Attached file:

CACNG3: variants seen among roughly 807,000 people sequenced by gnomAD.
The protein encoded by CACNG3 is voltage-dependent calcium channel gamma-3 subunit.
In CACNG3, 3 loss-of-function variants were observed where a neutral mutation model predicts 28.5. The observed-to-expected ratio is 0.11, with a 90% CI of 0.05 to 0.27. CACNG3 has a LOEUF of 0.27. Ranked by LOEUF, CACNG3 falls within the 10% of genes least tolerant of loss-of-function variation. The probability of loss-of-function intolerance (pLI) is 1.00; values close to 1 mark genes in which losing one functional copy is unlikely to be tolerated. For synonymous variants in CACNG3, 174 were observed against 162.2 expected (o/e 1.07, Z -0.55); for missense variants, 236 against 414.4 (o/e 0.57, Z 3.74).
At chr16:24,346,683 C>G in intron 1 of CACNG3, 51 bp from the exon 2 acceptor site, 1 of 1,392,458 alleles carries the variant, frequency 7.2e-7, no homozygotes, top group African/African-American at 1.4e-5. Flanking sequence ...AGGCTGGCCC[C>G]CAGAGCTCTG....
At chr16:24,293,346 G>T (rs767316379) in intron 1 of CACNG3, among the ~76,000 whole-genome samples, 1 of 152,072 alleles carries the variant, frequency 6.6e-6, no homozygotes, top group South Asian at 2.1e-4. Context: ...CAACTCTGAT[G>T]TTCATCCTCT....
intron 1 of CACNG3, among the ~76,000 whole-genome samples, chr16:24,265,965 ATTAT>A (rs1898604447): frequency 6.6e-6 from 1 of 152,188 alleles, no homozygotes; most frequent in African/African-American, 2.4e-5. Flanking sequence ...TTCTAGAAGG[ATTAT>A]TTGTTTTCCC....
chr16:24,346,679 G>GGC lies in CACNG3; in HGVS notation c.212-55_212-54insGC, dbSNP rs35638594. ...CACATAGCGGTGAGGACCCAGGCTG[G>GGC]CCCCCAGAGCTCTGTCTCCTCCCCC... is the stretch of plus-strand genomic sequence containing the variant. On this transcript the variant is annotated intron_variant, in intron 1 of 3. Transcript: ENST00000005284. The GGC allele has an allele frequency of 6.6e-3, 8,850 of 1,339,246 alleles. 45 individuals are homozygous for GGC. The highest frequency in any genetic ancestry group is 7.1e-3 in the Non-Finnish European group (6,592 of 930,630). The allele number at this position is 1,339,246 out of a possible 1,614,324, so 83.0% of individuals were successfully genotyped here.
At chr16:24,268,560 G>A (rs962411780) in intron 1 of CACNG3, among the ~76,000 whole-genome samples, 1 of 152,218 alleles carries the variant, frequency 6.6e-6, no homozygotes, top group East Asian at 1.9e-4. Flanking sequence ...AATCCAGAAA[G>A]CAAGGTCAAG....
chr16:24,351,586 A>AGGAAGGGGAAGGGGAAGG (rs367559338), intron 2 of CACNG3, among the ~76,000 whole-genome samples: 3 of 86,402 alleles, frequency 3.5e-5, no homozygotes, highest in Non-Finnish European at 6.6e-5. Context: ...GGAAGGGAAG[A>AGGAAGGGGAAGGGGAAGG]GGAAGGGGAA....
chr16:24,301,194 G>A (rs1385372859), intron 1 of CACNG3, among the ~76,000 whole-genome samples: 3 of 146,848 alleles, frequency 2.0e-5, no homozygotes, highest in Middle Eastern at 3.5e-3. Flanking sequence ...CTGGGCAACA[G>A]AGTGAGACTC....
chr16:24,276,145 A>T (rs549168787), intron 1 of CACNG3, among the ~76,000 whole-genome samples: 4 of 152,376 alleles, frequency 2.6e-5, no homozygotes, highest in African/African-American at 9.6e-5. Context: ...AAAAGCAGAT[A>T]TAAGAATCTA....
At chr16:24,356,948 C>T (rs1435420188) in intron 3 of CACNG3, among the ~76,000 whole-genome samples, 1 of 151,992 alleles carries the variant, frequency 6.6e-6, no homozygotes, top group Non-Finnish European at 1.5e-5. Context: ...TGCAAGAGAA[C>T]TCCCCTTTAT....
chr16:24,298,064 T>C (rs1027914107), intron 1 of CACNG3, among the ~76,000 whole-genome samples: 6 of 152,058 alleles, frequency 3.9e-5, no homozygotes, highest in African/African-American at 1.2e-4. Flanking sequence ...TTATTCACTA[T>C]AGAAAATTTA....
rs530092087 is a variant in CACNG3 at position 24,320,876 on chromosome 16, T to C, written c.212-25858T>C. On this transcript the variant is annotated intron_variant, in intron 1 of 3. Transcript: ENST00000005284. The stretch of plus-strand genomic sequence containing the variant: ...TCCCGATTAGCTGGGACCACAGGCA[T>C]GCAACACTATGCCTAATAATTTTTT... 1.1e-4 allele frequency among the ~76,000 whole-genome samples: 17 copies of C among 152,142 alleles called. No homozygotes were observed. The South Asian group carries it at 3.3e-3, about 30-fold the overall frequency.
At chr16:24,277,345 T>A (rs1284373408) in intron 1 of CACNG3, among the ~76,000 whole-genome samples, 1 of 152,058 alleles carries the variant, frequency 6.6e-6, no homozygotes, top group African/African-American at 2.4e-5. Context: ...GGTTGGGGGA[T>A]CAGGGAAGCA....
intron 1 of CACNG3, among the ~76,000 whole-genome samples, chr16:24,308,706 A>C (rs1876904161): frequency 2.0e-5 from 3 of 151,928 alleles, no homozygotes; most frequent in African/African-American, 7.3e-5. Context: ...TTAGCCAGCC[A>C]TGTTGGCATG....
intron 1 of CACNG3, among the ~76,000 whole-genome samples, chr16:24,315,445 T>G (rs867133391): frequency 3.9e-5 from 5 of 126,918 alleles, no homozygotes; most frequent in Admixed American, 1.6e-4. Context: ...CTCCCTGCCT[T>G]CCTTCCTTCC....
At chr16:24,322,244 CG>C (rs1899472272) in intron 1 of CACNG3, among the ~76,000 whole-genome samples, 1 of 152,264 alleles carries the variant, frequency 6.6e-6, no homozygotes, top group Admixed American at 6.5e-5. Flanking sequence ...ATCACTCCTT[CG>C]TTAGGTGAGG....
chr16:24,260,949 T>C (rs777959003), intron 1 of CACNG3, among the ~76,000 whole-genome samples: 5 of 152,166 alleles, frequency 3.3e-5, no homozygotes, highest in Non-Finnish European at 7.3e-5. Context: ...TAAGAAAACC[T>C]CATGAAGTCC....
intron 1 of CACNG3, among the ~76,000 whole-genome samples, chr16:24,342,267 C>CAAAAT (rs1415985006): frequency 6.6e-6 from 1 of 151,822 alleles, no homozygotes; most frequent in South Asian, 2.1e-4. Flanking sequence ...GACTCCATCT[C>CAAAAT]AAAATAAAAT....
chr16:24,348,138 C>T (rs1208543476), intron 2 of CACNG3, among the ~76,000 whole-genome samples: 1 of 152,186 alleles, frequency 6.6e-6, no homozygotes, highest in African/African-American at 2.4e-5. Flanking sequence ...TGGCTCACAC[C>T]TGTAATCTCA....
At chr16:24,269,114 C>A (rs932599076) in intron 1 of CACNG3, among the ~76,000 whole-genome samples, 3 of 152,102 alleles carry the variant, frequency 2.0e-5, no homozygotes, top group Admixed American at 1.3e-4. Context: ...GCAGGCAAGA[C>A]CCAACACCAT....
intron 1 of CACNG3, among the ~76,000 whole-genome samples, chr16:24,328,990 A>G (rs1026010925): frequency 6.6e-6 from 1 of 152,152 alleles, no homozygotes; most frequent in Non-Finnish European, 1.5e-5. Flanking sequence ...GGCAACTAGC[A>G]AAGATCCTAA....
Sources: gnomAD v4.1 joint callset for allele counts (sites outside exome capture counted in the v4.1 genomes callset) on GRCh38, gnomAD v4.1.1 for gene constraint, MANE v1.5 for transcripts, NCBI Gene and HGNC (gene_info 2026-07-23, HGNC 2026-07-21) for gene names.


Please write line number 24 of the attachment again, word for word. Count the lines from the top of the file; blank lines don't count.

Sources: gnomAD v4.1 joint callset for allele counts (sites outside exome capture counted in the v4.1 genomes callset) on GRCh38, gnomAD v4.1.1 for gene constraint, MANE v1.5 for transcripts, NCBI Gene and HGNC (gene_info 2026-07-23, HGNC 2026-07-21) for gene names.